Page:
• I like sushi
    Perceptions of Experience & Experiences of Perception

    As the title suggests there is a strange misapplication of terms easy to slip into during the event of communicating, and processing, any given idea. As an example of this I am going to explore the use of the term ‘hammer’ and the experiences and perceptions of some ‘hammer’. The difference of ‘perception’ and ‘experience’, in this essay, will be considered thus ... ‘perception’ being the amalgam of sensible ‘experience’, where experiences are ‘after’ sensible input (of content receding into the past and drawn on to form the present context - the ‘perception’). To differentiate with more clarity between ‘perceive’ and ‘experience’ it will serve to view ‘experience’ as that which ‘moves’ back through time; a receding thought. Whilst ‘perceive’ is a reversal fo this; the ‘feedback’ - perceptions brought forward to culminate in the moment alongside, not apart from, ‘experience’. To sum up, Perception ‘drives’ forward and Experience ‘drives’ backward, yet they exist parallel/entwined in the now and are known as one unity pulled in different temporal orientations; attracted as they are toward temporal poles (future and past) yet BOTH in equal possession of said poles. This is akin to the ancient Greek titans, “Prometheus” and “Epimetheus.” The brothers representing ‘foresight’ and ‘hindsight’ respectively; or Perception (perceptive) and Experience (memory). Note: Epimetheus was often depicted as being ‘foolish’.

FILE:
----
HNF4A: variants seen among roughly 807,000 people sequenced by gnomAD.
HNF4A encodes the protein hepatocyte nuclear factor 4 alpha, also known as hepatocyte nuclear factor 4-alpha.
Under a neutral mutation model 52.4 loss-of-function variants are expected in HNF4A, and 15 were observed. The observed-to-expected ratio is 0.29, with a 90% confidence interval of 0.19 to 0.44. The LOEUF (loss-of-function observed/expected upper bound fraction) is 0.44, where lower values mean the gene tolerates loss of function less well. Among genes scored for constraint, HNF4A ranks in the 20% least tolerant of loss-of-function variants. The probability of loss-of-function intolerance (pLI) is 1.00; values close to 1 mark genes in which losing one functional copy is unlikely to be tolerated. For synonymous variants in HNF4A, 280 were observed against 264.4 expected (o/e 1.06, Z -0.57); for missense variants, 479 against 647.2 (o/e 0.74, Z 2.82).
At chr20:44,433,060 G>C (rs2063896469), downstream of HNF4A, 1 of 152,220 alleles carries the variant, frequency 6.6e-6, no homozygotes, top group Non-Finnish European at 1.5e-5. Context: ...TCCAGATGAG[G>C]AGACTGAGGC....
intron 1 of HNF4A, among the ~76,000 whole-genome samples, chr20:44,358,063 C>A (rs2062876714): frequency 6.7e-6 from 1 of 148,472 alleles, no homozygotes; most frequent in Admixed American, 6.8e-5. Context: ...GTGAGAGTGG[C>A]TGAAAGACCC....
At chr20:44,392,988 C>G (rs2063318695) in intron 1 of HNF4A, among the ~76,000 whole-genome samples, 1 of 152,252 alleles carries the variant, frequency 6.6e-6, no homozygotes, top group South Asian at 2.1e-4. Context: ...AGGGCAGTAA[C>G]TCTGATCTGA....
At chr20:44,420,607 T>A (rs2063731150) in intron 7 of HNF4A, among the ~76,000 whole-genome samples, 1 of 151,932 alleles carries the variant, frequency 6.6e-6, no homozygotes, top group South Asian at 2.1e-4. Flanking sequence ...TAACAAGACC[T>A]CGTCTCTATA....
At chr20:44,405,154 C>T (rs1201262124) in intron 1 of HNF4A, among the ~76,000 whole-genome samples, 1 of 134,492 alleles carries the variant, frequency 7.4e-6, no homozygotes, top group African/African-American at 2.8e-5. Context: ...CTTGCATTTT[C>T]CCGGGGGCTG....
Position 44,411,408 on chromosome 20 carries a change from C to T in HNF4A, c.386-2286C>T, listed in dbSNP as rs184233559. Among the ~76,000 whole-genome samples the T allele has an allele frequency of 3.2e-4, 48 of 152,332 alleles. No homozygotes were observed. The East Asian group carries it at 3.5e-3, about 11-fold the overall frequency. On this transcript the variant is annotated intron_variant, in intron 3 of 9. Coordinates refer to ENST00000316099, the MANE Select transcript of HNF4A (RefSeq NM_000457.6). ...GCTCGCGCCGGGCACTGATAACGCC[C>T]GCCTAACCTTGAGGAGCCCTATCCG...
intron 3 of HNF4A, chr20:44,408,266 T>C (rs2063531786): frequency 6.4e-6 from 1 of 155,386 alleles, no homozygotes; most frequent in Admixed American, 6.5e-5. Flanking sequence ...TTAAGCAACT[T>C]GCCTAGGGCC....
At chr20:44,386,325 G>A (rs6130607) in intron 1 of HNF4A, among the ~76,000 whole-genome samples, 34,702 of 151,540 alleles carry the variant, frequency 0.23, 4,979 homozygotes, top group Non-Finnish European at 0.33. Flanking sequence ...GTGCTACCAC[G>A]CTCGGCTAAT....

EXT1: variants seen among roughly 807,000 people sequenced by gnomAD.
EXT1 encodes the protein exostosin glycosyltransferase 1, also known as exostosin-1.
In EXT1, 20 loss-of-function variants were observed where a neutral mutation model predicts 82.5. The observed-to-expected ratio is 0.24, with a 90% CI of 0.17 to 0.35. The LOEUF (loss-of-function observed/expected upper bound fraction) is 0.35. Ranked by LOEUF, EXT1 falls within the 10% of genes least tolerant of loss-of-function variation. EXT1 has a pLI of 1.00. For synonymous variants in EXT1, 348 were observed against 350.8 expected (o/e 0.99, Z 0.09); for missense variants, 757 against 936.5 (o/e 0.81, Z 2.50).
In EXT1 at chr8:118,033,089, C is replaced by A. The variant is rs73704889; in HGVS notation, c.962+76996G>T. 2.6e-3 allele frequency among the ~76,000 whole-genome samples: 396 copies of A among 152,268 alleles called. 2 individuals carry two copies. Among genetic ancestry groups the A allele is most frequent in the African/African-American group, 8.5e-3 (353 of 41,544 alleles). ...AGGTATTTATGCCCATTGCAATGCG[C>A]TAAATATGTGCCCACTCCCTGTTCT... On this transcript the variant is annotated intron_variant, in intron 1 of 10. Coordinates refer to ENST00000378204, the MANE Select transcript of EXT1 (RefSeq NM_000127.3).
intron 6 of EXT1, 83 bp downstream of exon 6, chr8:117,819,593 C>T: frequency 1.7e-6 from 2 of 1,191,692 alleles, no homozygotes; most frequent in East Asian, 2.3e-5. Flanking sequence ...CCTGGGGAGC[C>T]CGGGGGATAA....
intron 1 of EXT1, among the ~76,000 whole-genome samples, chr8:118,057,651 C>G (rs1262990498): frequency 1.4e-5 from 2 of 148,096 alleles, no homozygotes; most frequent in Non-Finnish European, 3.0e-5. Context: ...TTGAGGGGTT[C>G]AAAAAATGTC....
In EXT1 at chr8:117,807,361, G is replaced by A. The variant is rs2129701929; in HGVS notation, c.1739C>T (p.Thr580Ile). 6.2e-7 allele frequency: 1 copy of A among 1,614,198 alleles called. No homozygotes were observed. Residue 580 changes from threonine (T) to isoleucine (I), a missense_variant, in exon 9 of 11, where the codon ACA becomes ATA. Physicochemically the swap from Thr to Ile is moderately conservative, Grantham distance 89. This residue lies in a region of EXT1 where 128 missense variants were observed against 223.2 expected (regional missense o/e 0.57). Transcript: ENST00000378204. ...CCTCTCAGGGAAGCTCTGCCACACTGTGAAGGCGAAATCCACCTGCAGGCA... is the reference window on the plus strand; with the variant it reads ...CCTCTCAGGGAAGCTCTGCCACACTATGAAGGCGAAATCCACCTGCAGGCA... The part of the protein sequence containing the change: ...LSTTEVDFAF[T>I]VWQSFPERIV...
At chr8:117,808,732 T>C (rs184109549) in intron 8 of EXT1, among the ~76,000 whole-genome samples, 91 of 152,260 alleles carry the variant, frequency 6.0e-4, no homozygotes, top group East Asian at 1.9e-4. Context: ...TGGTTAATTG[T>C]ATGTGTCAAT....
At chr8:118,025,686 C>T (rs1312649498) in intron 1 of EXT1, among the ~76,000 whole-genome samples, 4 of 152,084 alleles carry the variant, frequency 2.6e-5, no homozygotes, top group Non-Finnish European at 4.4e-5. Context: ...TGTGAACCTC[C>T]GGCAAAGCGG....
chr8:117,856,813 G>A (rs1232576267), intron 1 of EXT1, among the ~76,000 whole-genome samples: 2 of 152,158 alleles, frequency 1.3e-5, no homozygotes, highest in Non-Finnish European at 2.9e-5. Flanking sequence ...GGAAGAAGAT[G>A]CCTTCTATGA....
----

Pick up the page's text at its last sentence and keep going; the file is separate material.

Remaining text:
What is a ‘hammer’? Let us start by spreading our net far and wide rather than ‘hammering home’ some precise and rigid definition! Here the term is used as part of a phrase, and could even be used to reference other items or personalities; an ‘anvil’ or ‘Thor’ - the horizon quickly expanding into a seemingly infinite array of examples. We find that analogy, parable and metaphorical use all act to emphasize an idea’s import by capturing it within a more tangible symbolic form; this can obviously lead us away from the item in question or closer to it (this is the danger of misplaced creativity!). All this seems too distant from what we generally mean when talking of a ‘hammer’ - outside of contextualism that is. Many would say a thing is what it does and/or what its ‘use’ is. So, can we in this sense say a ‘hammer’ is for ‘hammering,’ and that this means the ‘hammer’ is what it’s used for? Without intending to I can see clearly that some would scream “contextualism!”, but that is like saying the purest item is known by a grain of impurity - or by reflection of relations. In relation to the above a ‘hammer’ may be used as a bookend instead or a weapon - it could be a war-hammer - but let us assume it is simply a ‘hammer’. Here we see the functional purpose; a war-hammer made for breaking skulls and a toffee-hammer for breaking toffee! We may think of ‘hammer’ as being for hammering nails into walls or for shaping horse-shoes. In all cases the ‘hammer’ is a ‘hammer’ due to ‘hammering’. Now we could just as easily use a brick ‘to hammer’ too, or our hand ‘to hammer’ on a door. In these cases the brick and/or hand are said to be used as ‘a hammer’ yet the intention - if knocking on a door - is not explicitly ‘a hammering’ intention; no nails to be ‘hammered’ or skulls to be ‘hammered’ (the hand hits the door as a ‘tool’ for getting attention not literally as a ‘hammering’ act). This reveals the imprecision of English, the poetry present via analogy and metaphor - a sneaky thing indeed!